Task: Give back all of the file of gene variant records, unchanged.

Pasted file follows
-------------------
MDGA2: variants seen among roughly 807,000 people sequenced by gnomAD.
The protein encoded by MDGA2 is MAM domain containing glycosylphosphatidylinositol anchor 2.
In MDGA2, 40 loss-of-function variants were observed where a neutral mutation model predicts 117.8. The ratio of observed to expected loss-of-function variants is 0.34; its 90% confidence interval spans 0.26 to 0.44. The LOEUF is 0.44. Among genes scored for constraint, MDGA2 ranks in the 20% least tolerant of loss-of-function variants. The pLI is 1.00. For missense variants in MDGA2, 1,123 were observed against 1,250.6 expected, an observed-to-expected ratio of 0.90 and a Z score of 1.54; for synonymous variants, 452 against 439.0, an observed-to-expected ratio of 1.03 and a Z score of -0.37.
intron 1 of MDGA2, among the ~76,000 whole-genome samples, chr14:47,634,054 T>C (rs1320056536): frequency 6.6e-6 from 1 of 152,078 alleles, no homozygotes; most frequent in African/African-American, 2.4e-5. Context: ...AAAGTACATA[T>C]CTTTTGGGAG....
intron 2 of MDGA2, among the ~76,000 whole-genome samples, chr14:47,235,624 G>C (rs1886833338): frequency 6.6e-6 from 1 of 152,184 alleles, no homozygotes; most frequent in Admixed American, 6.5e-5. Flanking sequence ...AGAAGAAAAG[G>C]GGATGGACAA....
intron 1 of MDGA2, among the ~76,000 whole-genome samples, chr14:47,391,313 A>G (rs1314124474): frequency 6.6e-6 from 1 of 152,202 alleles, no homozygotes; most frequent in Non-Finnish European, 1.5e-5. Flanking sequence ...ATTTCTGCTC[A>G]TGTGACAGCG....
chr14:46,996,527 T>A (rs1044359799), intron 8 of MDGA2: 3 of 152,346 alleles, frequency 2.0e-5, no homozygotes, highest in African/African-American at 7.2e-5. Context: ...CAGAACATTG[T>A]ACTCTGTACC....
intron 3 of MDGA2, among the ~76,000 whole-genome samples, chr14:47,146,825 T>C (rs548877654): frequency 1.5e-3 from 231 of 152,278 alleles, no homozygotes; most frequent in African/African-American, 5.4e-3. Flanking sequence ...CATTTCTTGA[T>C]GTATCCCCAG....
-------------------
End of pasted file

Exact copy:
MDGA2: variants seen among roughly 807,000 people sequenced by gnomAD.
The protein encoded by MDGA2 is MAM domain containing glycosylphosphatidylinositol anchor 2.
In MDGA2, 40 loss-of-function variants were observed where a neutral mutation model predicts 117.8. The ratio of observed to expected loss-of-function variants is 0.34; its 90% confidence interval spans 0.26 to 0.44. The LOEUF is 0.44. Among genes scored for constraint, MDGA2 ranks in the 20% least tolerant of loss-of-function variants. The pLI is 1.00. For missense variants in MDGA2, 1,123 were observed against 1,250.6 expected, an observed-to-expected ratio of 0.90 and a Z score of 1.54; for synonymous variants, 452 against 439.0, an observed-to-expected ratio of 1.03 and a Z score of -0.37.
intron 1 of MDGA2, among the ~76,000 whole-genome samples, chr14:47,634,054 T>C (rs1320056536): frequency 6.6e-6 from 1 of 152,078 alleles, no homozygotes; most frequent in African/African-American, 2.4e-5. Context: ...AAAGTACATA[T>C]CTTTTGGGAG....
intron 2 of MDGA2, among the ~76,000 whole-genome samples, chr14:47,235,624 G>C (rs1886833338): frequency 6.6e-6 from 1 of 152,184 alleles, no homozygotes; most frequent in Admixed American, 6.5e-5. Flanking sequence ...AGAAGAAAAG[G>C]GGATGGACAA....
intron 1 of MDGA2, among the ~76,000 whole-genome samples, chr14:47,391,313 A>G (rs1314124474): frequency 6.6e-6 from 1 of 152,202 alleles, no homozygotes; most frequent in Non-Finnish European, 1.5e-5. Flanking sequence ...ATTTCTGCTC[A>G]TGTGACAGCG....
chr14:46,996,527 T>A (rs1044359799), intron 8 of MDGA2: 3 of 152,346 alleles, frequency 2.0e-5, no homozygotes, highest in African/African-American at 7.2e-5. Context: ...CAGAACATTG[T>A]ACTCTGTACC....
intron 3 of MDGA2, among the ~76,000 whole-genome samples, chr14:47,146,825 T>C (rs548877654): frequency 1.5e-3 from 231 of 152,278 alleles, no homozygotes; most frequent in African/African-American, 5.4e-3. Flanking sequence ...CATTTCTTGA[T>C]GTATCCCCAG....